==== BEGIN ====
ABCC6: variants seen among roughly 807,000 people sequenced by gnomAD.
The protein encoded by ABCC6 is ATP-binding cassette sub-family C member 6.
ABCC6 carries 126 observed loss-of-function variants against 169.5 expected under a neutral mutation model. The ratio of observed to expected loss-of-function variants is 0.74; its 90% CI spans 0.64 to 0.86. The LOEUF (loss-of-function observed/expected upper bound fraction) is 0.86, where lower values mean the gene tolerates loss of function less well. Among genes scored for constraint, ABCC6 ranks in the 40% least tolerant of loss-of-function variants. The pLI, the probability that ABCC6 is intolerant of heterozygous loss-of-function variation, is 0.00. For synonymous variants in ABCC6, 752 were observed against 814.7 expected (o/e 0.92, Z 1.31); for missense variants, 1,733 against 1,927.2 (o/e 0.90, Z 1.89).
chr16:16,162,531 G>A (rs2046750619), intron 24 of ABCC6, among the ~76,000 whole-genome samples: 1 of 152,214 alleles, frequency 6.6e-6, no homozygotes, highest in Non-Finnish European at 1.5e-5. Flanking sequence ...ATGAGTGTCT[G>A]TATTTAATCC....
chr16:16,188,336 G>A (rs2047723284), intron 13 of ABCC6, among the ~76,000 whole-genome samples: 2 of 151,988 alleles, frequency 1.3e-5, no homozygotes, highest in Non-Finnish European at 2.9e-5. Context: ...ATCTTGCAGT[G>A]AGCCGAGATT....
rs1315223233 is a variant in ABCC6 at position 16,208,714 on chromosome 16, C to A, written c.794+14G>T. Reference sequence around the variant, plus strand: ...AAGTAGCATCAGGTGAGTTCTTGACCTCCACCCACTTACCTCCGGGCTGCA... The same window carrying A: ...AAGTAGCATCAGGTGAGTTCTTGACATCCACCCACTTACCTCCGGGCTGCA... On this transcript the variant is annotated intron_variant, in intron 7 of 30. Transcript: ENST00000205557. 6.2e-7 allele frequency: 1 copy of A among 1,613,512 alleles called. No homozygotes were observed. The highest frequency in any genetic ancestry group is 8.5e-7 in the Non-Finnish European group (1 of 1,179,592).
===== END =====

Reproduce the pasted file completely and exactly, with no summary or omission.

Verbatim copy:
ABCC6: variants seen among roughly 807,000 people sequenced by gnomAD.
The protein encoded by ABCC6 is ATP-binding cassette sub-family C member 6.
ABCC6 carries 126 observed loss-of-function variants against 169.5 expected under a neutral mutation model. The ratio of observed to expected loss-of-function variants is 0.74; its 90% CI spans 0.64 to 0.86. The LOEUF (loss-of-function observed/expected upper bound fraction) is 0.86, where lower values mean the gene tolerates loss of function less well. Among genes scored for constraint, ABCC6 ranks in the 40% least tolerant of loss-of-function variants. The pLI, the probability that ABCC6 is intolerant of heterozygous loss-of-function variation, is 0.00. For synonymous variants in ABCC6, 752 were observed against 814.7 expected (o/e 0.92, Z 1.31); for missense variants, 1,733 against 1,927.2 (o/e 0.90, Z 1.89).
chr16:16,162,531 G>A (rs2046750619), intron 24 of ABCC6, among the ~76,000 whole-genome samples: 1 of 152,214 alleles, frequency 6.6e-6, no homozygotes, highest in Non-Finnish European at 1.5e-5. Flanking sequence ...ATGAGTGTCT[G>A]TATTTAATCC....
chr16:16,188,336 G>A (rs2047723284), intron 13 of ABCC6, among the ~76,000 whole-genome samples: 2 of 151,988 alleles, frequency 1.3e-5, no homozygotes, highest in Non-Finnish European at 2.9e-5. Context: ...ATCTTGCAGT[G>A]AGCCGAGATT....
rs1315223233 is a variant in ABCC6 at position 16,208,714 on chromosome 16, C to A, written c.794+14G>T. Reference sequence around the variant, plus strand: ...AAGTAGCATCAGGTGAGTTCTTGACCTCCACCCACTTACCTCCGGGCTGCA... The same window carrying A: ...AAGTAGCATCAGGTGAGTTCTTGACATCCACCCACTTACCTCCGGGCTGCA... On this transcript the variant is annotated intron_variant, in intron 7 of 30. Transcript: ENST00000205557. 6.2e-7 allele frequency: 1 copy of A among 1,613,512 alleles called. No homozygotes were observed. The highest frequency in any genetic ancestry group is 8.5e-7 in the Non-Finnish European group (1 of 1,179,592).